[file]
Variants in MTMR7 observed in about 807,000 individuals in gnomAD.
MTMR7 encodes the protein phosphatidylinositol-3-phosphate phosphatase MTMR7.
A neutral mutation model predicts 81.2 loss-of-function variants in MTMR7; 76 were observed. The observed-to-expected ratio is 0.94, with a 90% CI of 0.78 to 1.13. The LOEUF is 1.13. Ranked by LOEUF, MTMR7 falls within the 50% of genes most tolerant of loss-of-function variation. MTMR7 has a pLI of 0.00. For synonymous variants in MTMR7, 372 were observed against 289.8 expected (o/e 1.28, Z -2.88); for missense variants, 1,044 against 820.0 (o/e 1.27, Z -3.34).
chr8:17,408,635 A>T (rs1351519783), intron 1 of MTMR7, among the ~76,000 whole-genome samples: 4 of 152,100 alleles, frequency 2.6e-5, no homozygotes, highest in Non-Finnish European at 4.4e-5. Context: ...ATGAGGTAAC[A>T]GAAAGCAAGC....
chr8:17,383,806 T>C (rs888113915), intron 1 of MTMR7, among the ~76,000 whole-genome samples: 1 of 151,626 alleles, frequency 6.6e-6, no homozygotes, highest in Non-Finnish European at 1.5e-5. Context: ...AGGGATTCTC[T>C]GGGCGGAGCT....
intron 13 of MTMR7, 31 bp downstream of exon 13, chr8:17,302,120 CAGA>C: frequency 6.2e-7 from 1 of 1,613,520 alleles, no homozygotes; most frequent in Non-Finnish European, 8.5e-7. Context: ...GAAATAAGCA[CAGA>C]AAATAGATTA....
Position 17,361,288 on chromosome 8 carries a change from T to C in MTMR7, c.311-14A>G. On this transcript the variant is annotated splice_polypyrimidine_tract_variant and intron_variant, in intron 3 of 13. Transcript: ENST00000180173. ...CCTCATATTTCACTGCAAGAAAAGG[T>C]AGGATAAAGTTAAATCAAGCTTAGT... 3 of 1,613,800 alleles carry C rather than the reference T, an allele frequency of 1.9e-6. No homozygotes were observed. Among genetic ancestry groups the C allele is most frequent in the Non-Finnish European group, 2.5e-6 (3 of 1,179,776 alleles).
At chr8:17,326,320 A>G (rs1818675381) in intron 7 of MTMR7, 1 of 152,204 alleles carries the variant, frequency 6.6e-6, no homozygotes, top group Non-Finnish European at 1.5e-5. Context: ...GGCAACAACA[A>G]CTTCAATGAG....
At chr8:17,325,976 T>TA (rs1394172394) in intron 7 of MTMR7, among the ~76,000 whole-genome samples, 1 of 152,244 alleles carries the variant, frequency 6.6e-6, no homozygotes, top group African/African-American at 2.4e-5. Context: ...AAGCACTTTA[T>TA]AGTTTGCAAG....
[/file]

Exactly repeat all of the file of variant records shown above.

Variants in MTMR7 observed in about 807,000 individuals in gnomAD.
MTMR7 encodes the protein phosphatidylinositol-3-phosphate phosphatase MTMR7.
A neutral mutation model predicts 81.2 loss-of-function variants in MTMR7; 76 were observed. The observed-to-expected ratio is 0.94, with a 90% CI of 0.78 to 1.13. The LOEUF is 1.13. Ranked by LOEUF, MTMR7 falls within the 50% of genes most tolerant of loss-of-function variation. MTMR7 has a pLI of 0.00. For synonymous variants in MTMR7, 372 were observed against 289.8 expected (o/e 1.28, Z -2.88); for missense variants, 1,044 against 820.0 (o/e 1.27, Z -3.34).
chr8:17,408,635 A>T (rs1351519783), intron 1 of MTMR7, among the ~76,000 whole-genome samples: 4 of 152,100 alleles, frequency 2.6e-5, no homozygotes, highest in Non-Finnish European at 4.4e-5. Context: ...ATGAGGTAAC[A>T]GAAAGCAAGC....
chr8:17,383,806 T>C (rs888113915), intron 1 of MTMR7, among the ~76,000 whole-genome samples: 1 of 151,626 alleles, frequency 6.6e-6, no homozygotes, highest in Non-Finnish European at 1.5e-5. Context: ...AGGGATTCTC[T>C]GGGCGGAGCT....
intron 13 of MTMR7, 31 bp downstream of exon 13, chr8:17,302,120 CAGA>C: frequency 6.2e-7 from 1 of 1,613,520 alleles, no homozygotes; most frequent in Non-Finnish European, 8.5e-7. Context: ...GAAATAAGCA[CAGA>C]AAATAGATTA....
Position 17,361,288 on chromosome 8 carries a change from T to C in MTMR7, c.311-14A>G. On this transcript the variant is annotated splice_polypyrimidine_tract_variant and intron_variant, in intron 3 of 13. Transcript: ENST00000180173. ...CCTCATATTTCACTGCAAGAAAAGG[T>C]AGGATAAAGTTAAATCAAGCTTAGT... 3 of 1,613,800 alleles carry C rather than the reference T, an allele frequency of 1.9e-6. No homozygotes were observed. Among genetic ancestry groups the C allele is most frequent in the Non-Finnish European group, 2.5e-6 (3 of 1,179,776 alleles).
At chr8:17,326,320 A>G (rs1818675381) in intron 7 of MTMR7, 1 of 152,204 alleles carries the variant, frequency 6.6e-6, no homozygotes, top group Non-Finnish European at 1.5e-5. Context: ...GGCAACAACA[A>G]CTTCAATGAG....
At chr8:17,325,976 T>TA (rs1394172394) in intron 7 of MTMR7, among the ~76,000 whole-genome samples, 1 of 152,244 alleles carries the variant, frequency 6.6e-6, no homozygotes, top group African/African-American at 2.4e-5. Context: ...AAGCACTTTA[T>TA]AGTTTGCAAG....